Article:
This is common sense for any large town or city, and it is just as important here as it is anywhere else. Keep your wallet, phone, and cards locked safely away in your purse, fanny pack, or shoulder bag, and do not flaunt them when you need to use them. Better still, use a money belt or body pouch for days out in the city, to help you keep your belongings safely by your side at all times.
Avoid Some Areas at Night
Urban spaces, riverbanks, and deserted piazzas may look romantic in the daylight, but they can become menacing and oppressive when the night falls. Some streets around Termini and Piazza Vittorio, in particular, are not safe for strolling tourists after dark. Likewise, some stretches of the river are not as safe at night as they would be during the day.
Keep Electronic Copies of Your Documents
If your plane ticket, passport, personal ID, or other important document goes astray while you travel, it can make things extremely difficult for you. If you are able to make and store electronic copies of all of your important documents, either by email or your smartphone camera, you will always have a back up should you need them.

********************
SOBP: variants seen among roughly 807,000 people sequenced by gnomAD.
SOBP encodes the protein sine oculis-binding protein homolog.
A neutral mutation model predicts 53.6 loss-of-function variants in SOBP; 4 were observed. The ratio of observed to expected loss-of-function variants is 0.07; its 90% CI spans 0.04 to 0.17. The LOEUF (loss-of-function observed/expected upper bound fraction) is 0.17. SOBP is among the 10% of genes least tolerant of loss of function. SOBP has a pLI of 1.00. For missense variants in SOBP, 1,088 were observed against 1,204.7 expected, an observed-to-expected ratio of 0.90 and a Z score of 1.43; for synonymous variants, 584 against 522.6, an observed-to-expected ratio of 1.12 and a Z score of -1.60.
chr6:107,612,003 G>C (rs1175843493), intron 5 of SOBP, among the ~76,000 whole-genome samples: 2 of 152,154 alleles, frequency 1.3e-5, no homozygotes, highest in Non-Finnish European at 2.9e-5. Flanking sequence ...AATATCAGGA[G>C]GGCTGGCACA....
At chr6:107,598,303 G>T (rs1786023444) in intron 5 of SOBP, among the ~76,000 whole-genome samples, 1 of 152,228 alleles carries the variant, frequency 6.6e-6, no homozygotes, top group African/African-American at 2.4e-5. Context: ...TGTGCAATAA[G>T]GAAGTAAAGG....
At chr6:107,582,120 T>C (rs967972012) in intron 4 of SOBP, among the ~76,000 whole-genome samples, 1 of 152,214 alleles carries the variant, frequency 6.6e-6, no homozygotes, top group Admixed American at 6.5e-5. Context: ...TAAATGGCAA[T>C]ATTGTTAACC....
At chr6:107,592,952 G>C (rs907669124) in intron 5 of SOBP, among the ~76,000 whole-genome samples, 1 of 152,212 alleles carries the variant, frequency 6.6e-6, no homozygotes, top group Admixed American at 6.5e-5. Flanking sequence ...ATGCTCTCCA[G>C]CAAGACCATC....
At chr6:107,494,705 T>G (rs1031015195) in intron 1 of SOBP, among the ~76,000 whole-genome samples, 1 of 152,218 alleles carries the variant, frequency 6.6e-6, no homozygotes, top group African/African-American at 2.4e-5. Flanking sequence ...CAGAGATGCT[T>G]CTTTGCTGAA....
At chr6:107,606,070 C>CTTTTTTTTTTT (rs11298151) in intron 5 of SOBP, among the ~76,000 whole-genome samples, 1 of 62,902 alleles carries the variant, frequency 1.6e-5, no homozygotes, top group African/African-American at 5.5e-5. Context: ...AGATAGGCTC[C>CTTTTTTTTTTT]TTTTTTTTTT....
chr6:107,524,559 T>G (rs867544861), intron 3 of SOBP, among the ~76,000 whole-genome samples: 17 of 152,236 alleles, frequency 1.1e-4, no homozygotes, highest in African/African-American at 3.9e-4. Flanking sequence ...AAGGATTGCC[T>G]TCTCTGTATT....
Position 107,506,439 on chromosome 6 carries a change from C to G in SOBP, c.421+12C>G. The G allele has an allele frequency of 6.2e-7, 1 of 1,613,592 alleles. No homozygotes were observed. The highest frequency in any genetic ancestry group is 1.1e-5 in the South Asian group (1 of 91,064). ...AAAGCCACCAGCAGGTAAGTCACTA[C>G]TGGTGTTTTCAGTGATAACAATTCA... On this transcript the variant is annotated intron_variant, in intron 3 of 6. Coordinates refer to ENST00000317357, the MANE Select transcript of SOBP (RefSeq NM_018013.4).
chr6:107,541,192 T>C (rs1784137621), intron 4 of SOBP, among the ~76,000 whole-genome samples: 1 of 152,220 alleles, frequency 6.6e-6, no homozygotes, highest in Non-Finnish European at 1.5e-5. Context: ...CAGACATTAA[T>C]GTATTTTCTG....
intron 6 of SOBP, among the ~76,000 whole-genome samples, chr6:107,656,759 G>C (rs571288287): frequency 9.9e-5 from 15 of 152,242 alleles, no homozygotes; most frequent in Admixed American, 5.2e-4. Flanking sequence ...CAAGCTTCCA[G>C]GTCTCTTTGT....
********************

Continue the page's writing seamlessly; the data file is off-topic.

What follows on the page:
Know Who to Call in an Emergency
Should the worst happen, you will probably want to call the police. Make a note of the following telephone numbers and keep them safely with you while you travel:
- General Emergency: 113
- Police (Carabinieri): 112
- Fire (Vigili del fuoco): 115
Don’t Look Too Much Like a Tourist
We aren’t telling you how to dress with this one, simply suggesting that you keep your maps, travel cameras, and large amounts of cash out of sight while you are on the road. This will make you look more like a local and less like a tourist.
Take Advantage of the Hotel Safe
Most hotels will offer a safe facility in their guest rooms. These are important because it means your belongings are safe and sound and you don’t need to take all of your stuff with you.
Rome is perhaps one of the most beautiful and romantic cities in the world. With so much history right on your doorstep, it can be challenging to take it all in the first time you visit.
From the historic architecture and works of art to modern-day fine dining and upscale shopping, Rome really is a city that has it all.